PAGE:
Operational research in low-income countries has a key role in filling the gap between what we know from research and what we do with that knowledge—the so-called know–do gap, or implementation gap. Planned research that does not tangibly affect policies and practices is ineffective and wasteful, especially in settings where resources are scarce and disease burden is high. Clear parameters are urgently needed to measure and judge the success of operational research.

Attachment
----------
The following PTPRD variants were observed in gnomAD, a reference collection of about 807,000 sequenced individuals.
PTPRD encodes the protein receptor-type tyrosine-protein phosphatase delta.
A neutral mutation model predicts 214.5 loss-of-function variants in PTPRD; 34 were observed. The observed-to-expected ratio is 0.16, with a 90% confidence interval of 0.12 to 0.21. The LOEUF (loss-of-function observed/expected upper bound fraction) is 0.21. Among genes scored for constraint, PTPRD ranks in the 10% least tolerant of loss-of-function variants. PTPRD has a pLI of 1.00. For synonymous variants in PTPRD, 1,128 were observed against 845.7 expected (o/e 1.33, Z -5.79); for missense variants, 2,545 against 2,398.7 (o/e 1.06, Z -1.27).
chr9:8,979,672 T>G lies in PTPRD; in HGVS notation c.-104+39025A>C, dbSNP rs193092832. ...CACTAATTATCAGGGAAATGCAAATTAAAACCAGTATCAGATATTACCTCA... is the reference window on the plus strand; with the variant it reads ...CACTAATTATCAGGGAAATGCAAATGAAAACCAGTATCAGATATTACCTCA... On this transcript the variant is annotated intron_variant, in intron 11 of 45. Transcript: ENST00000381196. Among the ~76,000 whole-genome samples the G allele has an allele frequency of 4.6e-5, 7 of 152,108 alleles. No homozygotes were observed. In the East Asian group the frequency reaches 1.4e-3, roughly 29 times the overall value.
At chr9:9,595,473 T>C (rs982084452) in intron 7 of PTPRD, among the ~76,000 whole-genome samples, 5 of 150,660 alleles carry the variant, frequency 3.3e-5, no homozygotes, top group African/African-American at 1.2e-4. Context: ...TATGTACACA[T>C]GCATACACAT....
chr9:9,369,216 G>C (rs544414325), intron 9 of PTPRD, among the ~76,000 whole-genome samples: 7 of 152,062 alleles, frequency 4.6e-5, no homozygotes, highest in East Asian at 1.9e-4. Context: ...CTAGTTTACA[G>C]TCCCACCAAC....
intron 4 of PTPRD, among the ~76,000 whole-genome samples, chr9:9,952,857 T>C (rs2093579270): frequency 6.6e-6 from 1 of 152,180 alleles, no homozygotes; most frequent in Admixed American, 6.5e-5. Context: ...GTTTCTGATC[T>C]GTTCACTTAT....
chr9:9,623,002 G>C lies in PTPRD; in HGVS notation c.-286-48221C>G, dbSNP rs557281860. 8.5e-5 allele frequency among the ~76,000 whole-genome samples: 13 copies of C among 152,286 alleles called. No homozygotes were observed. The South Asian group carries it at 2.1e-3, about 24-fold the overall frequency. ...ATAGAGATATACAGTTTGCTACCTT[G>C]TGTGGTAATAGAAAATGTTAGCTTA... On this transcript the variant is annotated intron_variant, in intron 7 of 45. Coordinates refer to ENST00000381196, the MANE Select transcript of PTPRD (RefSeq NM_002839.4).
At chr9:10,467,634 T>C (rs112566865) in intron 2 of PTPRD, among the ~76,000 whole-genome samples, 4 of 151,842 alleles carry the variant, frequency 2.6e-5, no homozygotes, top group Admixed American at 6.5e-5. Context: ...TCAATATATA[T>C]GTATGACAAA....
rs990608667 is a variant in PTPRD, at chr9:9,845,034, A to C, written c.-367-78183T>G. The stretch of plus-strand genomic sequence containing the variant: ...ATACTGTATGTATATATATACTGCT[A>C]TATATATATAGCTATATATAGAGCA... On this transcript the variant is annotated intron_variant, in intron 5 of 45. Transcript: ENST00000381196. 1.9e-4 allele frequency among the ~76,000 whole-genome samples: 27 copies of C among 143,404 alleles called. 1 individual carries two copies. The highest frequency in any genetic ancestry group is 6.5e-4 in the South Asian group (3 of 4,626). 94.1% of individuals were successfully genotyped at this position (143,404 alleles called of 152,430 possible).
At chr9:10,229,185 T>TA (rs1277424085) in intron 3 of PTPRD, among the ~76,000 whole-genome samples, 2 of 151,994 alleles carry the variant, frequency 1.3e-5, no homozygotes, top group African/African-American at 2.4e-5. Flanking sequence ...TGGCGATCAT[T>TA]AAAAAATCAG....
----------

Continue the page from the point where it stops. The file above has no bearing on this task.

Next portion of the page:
This article defines operational research and its relation with policy and practice, identifies why operational research might fail to affect policy and practice, and offer possible solutions to address these shortcomings. It also proposes measures of success for operational research. Adoption and use of these measures could help to ensure that operational research better changes policy and practice and improves health-care delivery and disease programmes.